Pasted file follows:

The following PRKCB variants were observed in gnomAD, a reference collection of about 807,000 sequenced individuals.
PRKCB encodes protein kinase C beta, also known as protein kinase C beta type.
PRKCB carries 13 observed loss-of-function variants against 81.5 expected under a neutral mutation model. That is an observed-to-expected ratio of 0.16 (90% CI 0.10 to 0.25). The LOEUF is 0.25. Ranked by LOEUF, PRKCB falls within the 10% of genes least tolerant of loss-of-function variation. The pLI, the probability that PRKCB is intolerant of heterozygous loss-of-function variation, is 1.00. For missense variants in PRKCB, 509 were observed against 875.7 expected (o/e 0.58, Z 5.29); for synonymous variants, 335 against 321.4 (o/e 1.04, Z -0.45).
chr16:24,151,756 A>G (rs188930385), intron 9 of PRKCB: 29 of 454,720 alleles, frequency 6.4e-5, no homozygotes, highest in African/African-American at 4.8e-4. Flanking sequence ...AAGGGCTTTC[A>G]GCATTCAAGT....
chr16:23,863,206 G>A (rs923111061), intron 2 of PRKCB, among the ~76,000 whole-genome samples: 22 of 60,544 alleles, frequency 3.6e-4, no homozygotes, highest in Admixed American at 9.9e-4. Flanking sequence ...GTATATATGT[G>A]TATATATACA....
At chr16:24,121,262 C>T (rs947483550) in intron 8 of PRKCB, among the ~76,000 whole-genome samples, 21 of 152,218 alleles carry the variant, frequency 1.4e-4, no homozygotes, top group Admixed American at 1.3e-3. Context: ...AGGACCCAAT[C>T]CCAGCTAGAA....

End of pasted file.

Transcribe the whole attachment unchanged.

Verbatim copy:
The following PRKCB variants were observed in gnomAD, a reference collection of about 807,000 sequenced individuals.
PRKCB encodes protein kinase C beta, also known as protein kinase C beta type.
PRKCB carries 13 observed loss-of-function variants against 81.5 expected under a neutral mutation model. That is an observed-to-expected ratio of 0.16 (90% CI 0.10 to 0.25). The LOEUF is 0.25. Ranked by LOEUF, PRKCB falls within the 10% of genes least tolerant of loss-of-function variation. The pLI, the probability that PRKCB is intolerant of heterozygous loss-of-function variation, is 1.00. For missense variants in PRKCB, 509 were observed against 875.7 expected (o/e 0.58, Z 5.29); for synonymous variants, 335 against 321.4 (o/e 1.04, Z -0.45).
chr16:24,151,756 A>G (rs188930385), intron 9 of PRKCB: 29 of 454,720 alleles, frequency 6.4e-5, no homozygotes, highest in African/African-American at 4.8e-4. Flanking sequence ...AAGGGCTTTC[A>G]GCATTCAAGT....
chr16:23,863,206 G>A (rs923111061), intron 2 of PRKCB, among the ~76,000 whole-genome samples: 22 of 60,544 alleles, frequency 3.6e-4, no homozygotes, highest in Admixed American at 9.9e-4. Flanking sequence ...GTATATATGT[G>A]TATATATACA....
At chr16:24,121,262 C>T (rs947483550) in intron 8 of PRKCB, among the ~76,000 whole-genome samples, 21 of 152,218 alleles carry the variant, frequency 1.4e-4, no homozygotes, top group Admixed American at 1.3e-3. Context: ...AGGACCCAAT[C>T]CCAGCTAGAA....